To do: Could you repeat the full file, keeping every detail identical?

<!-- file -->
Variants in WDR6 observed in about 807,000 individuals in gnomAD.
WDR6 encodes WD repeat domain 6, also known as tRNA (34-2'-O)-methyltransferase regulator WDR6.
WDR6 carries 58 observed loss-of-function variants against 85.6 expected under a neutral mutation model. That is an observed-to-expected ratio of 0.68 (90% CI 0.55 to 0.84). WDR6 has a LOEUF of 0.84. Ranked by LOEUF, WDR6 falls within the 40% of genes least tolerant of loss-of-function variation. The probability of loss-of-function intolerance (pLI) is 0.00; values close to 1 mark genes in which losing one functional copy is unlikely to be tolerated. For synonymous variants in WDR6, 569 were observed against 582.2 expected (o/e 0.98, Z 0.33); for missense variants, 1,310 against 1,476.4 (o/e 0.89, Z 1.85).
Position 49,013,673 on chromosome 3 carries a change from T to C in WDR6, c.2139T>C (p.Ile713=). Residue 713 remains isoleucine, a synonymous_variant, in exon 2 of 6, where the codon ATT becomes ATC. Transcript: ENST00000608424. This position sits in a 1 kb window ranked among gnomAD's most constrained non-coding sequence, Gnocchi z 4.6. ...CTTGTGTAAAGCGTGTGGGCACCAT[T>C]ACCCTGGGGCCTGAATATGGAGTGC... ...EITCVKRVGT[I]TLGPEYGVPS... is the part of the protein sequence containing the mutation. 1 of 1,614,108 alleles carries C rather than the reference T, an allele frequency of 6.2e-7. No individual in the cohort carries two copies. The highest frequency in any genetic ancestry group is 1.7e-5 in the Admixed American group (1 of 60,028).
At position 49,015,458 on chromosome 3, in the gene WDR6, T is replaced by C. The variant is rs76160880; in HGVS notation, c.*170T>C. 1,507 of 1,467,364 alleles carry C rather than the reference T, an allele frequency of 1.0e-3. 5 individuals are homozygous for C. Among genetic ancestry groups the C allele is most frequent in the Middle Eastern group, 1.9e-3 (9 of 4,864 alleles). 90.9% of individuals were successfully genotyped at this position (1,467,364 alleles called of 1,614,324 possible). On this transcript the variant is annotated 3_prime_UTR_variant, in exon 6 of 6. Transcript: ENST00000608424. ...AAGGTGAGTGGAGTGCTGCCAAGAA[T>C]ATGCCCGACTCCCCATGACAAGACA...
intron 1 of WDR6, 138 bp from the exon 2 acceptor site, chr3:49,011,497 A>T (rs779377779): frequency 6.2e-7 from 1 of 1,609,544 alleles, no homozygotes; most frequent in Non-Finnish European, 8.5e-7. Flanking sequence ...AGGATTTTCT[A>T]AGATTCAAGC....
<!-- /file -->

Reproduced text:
Variants in WDR6 observed in about 807,000 individuals in gnomAD.
WDR6 encodes WD repeat domain 6, also known as tRNA (34-2'-O)-methyltransferase regulator WDR6.
WDR6 carries 58 observed loss-of-function variants against 85.6 expected under a neutral mutation model. That is an observed-to-expected ratio of 0.68 (90% CI 0.55 to 0.84). WDR6 has a LOEUF of 0.84. Ranked by LOEUF, WDR6 falls within the 40% of genes least tolerant of loss-of-function variation. The probability of loss-of-function intolerance (pLI) is 0.00; values close to 1 mark genes in which losing one functional copy is unlikely to be tolerated. For synonymous variants in WDR6, 569 were observed against 582.2 expected (o/e 0.98, Z 0.33); for missense variants, 1,310 against 1,476.4 (o/e 0.89, Z 1.85).
Position 49,013,673 on chromosome 3 carries a change from T to C in WDR6, c.2139T>C (p.Ile713=). Residue 713 remains isoleucine, a synonymous_variant, in exon 2 of 6, where the codon ATT becomes ATC. Transcript: ENST00000608424. This position sits in a 1 kb window ranked among gnomAD's most constrained non-coding sequence, Gnocchi z 4.6. ...CTTGTGTAAAGCGTGTGGGCACCAT[T>C]ACCCTGGGGCCTGAATATGGAGTGC... ...EITCVKRVGT[I]TLGPEYGVPS... is the part of the protein sequence containing the mutation. 1 of 1,614,108 alleles carries C rather than the reference T, an allele frequency of 6.2e-7. No individual in the cohort carries two copies. The highest frequency in any genetic ancestry group is 1.7e-5 in the Admixed American group (1 of 60,028).
At position 49,015,458 on chromosome 3, in the gene WDR6, T is replaced by C. The variant is rs76160880; in HGVS notation, c.*170T>C. 1,507 of 1,467,364 alleles carry C rather than the reference T, an allele frequency of 1.0e-3. 5 individuals are homozygous for C. Among genetic ancestry groups the C allele is most frequent in the Middle Eastern group, 1.9e-3 (9 of 4,864 alleles). 90.9% of individuals were successfully genotyped at this position (1,467,364 alleles called of 1,614,324 possible). On this transcript the variant is annotated 3_prime_UTR_variant, in exon 6 of 6. Transcript: ENST00000608424. ...AAGGTGAGTGGAGTGCTGCCAAGAA[T>C]ATGCCCGACTCCCCATGACAAGACA...
intron 1 of WDR6, 138 bp from the exon 2 acceptor site, chr3:49,011,497 A>T (rs779377779): frequency 6.2e-7 from 1 of 1,609,544 alleles, no homozygotes; most frequent in Non-Finnish European, 8.5e-7. Flanking sequence ...AGGATTTTCT[A>T]AGATTCAAGC....